Protect Your Most Prized Possessions

Posted on Tuesday, July 17, 2018

One of the most costly — yet easily prevented — disasters for any business is the failure to secure ownership of intellectual property (IP).

Unless you take the proper legal steps, you could find that your company doesn't own its most prized possessions.

Here are the details you need to know.

Under the law, the ownership of copyrights and inventions may actually belong to your employees and independent contractors unless there is a prior written agreement to the contrary. Federal copyright law, and the laws of most states, mandate that employees and independent contractors who invent products, write materials and develop software may be the owners of the IP rights.

In some states, an employer may only have a limited license in an invention that an employee creates while on the employer's time clock.

Fortunately, you can easily prevent this type of catastrophe. All U.S. states permit employers to require their employees to sign copyright, IP and invention assignment agreements that give all rights to the company.

A well-drafted agreement can be less than a single page in length and should be written by an attorney. It requires the employee or contractor to turn over or legally assign all rights to the company. In addition, these agreements require the employee or independent contractor to assist the company's counsel in securing and enforcing the rights.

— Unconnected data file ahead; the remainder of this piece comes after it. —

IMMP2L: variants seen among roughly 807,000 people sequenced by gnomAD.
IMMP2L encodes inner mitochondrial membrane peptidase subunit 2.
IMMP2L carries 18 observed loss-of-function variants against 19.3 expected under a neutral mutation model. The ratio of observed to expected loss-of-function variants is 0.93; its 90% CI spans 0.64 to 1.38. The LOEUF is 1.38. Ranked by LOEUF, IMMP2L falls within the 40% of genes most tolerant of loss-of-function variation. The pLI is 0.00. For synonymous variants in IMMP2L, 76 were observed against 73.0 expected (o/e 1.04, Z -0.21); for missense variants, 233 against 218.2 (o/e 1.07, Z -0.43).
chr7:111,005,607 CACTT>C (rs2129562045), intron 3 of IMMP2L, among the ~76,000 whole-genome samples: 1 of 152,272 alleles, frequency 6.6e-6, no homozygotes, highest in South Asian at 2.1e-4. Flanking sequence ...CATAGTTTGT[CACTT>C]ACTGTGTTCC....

Another good practice: Ask employees to designate, upfront, all pre-existing inventions that are to be excluded, but to cover all new inventions that are in any way related to your business, even if developed during the employees' non-working hours.

For example, let's say your company makes billing software. This agreement prevents one of your software developers from claiming that he came up with a time management program at night that could be of use to your company — or your competitors.

By following these simple procedures, business owners can avoid tremendous aggravation and loss of property that is truly irreplaceable. And be sure to consult with your legal advisor.

Posted in Tax And Accounting Topics For Business

Disclaimer: The information contained in Dulin, Ward & DeWald’s blog is provided for general educational purposes only and should not be construed as financial or legal advice on any subject matter. Before taking any action based on this information, we strongly encourage you to consult competent legal, accounting or other professional advice about your specific situation. Questions on blog posts may be submitted to your DWD representative.

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